BY Susan Thomas Springer
A morning cup of espresso illustrates the power of steam. An espresso machine takes heated, pressurized water and releases it in a controlled way through coffee grounds to get that thick Italian drink.
The use of steam vapor for cleaning works much the same way. The process uses low moisture — about 4 to 6 percent water — pressurized to around 60 psi and heated to 240 degrees Fahrenheit or higher. Instead of making coffee, the combination effectively clean surfaces and kills viruses, bacteria and fungi.
And while steam vapor cleaning is not as popular as caffeine, its use by building service contractors has increased, especially among those with an eye on green cleaning.
“If a person wants a nontoxic, environmentally friendly way to both clean and disinfect at the same time, I don’t think there’s a better technology [than steam],” says Benjamin Tanner, a Ph.D. in microbiology and immunology, and the president, CEO and co-owner of Antimicrobial Test Laboratories in Round Rock, Texas.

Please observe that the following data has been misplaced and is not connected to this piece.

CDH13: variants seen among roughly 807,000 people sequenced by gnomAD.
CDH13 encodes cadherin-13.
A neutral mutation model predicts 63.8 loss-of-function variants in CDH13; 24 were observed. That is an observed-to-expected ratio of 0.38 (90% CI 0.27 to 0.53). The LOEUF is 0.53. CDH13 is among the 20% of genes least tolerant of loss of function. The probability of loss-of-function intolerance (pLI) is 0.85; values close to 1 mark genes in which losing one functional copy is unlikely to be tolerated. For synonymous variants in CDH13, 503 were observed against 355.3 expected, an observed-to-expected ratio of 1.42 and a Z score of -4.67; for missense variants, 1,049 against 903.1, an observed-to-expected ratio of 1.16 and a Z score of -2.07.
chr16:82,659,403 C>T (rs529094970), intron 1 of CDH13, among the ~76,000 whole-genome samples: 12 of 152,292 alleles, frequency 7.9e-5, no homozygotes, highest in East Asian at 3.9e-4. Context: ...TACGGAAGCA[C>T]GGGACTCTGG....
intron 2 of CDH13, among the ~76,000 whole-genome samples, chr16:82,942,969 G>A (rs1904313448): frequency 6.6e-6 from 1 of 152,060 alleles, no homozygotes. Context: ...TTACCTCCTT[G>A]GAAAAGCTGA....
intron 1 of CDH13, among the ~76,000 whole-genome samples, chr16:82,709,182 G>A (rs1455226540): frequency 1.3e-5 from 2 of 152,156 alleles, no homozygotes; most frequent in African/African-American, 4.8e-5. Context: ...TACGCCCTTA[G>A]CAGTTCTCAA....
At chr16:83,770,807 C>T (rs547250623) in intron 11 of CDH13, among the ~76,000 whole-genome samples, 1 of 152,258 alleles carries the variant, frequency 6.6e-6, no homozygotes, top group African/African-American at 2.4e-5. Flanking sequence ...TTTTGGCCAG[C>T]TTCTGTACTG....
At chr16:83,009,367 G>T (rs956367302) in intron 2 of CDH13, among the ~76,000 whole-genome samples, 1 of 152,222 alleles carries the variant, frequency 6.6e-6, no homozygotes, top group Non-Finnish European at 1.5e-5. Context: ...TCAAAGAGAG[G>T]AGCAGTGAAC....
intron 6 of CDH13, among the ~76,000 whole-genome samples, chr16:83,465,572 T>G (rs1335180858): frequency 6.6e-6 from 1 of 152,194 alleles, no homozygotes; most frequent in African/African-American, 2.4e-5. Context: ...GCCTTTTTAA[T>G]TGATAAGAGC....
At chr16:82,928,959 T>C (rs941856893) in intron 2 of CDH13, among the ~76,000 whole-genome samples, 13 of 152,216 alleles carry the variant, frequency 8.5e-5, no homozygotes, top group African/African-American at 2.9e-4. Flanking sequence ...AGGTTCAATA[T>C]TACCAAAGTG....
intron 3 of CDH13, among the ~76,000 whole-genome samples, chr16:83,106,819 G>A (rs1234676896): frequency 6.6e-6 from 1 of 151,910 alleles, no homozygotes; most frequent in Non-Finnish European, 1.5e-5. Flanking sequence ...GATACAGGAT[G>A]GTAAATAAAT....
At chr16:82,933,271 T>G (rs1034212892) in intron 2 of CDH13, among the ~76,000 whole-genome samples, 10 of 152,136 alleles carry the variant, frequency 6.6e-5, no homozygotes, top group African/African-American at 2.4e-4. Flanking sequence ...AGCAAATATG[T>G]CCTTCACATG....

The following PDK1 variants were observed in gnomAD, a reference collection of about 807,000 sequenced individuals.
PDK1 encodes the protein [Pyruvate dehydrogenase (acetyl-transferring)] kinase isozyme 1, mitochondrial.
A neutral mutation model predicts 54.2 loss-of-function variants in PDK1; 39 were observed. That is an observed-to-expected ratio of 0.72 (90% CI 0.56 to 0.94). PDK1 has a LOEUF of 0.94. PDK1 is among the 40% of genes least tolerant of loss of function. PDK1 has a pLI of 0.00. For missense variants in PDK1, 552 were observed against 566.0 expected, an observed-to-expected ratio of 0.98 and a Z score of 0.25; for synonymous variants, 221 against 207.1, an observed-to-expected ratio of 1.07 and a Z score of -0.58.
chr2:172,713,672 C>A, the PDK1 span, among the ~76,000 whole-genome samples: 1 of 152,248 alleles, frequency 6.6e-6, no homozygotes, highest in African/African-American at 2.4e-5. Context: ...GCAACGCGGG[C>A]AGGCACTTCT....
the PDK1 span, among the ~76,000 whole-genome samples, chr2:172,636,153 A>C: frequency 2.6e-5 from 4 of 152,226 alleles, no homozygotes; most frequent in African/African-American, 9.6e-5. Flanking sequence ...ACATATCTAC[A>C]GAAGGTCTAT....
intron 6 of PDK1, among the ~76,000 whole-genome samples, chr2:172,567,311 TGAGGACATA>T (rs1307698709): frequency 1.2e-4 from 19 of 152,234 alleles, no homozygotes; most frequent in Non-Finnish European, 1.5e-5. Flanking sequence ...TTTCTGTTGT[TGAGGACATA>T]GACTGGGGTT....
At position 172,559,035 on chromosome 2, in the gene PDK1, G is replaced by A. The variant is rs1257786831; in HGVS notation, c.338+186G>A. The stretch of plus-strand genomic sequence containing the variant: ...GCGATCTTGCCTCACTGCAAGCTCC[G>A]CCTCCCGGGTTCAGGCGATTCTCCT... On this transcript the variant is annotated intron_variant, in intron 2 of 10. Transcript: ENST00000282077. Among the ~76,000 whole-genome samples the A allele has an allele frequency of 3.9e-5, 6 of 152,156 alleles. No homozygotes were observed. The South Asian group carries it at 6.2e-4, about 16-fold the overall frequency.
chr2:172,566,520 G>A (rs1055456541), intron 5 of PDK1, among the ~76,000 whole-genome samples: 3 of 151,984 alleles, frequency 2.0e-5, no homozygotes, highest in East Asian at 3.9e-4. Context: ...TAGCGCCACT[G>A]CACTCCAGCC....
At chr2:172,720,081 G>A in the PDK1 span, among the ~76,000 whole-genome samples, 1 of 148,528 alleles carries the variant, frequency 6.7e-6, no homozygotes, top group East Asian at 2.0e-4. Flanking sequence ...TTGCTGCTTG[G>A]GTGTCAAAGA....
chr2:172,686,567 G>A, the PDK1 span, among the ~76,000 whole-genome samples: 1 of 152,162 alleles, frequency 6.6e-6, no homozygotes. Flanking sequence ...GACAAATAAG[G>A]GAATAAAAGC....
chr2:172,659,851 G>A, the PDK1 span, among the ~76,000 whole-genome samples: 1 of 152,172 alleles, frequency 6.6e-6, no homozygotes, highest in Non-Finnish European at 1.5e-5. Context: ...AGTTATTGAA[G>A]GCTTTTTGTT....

To be effective, however, steam vapor cleaning requires the right equipment and training, along with knowledge about the types of surfaces and environments where this method shines.
“First thing to know is not all machines are created equal,” says Tanner.
The effectiveness varies, so he recommends finding a manufacturer that has tested the equipment in a laboratory and can recommend a configuration.
“You want to find a company that has a lab report that describes how it did its testing,” says Tanner. “And if you can mimic the way it did its testing and treat a surface in that manner, then you’re golden, because that will ensure you’ll get the same disinfection.”
Experts agree a stainless steel boiler is best. Also, there’s a cool-down period before a single-tank design can be refilled, so a two-tank system reduces down time. Hoses should be well-insulated and removable for easy repair or replacement. And BSCs should look for user-friendly controls to improve speed and safety. They should also consider ease of maintenance, since a boiler builds up a coating of minerals on the metal parts, which lowers efficiency.
J. Darrel Hicks, author of “Infection Prevention for Dummies,” recommends buying from a company that offers one-on-one training, or videos to generate interest and show staff steam cleaning is easy and saves time.
“Once they get it and see it does work, I think you’ll find employees will find other uses for it that you hadn’t even thought of — and that’s a good thing,” says Hicks. Original Article Here
Dallas TX Janitorial Services provides green cleaning to clients in the Dallas-Fort Worth Metroplex. For more info, contact them today at 214-484-6033.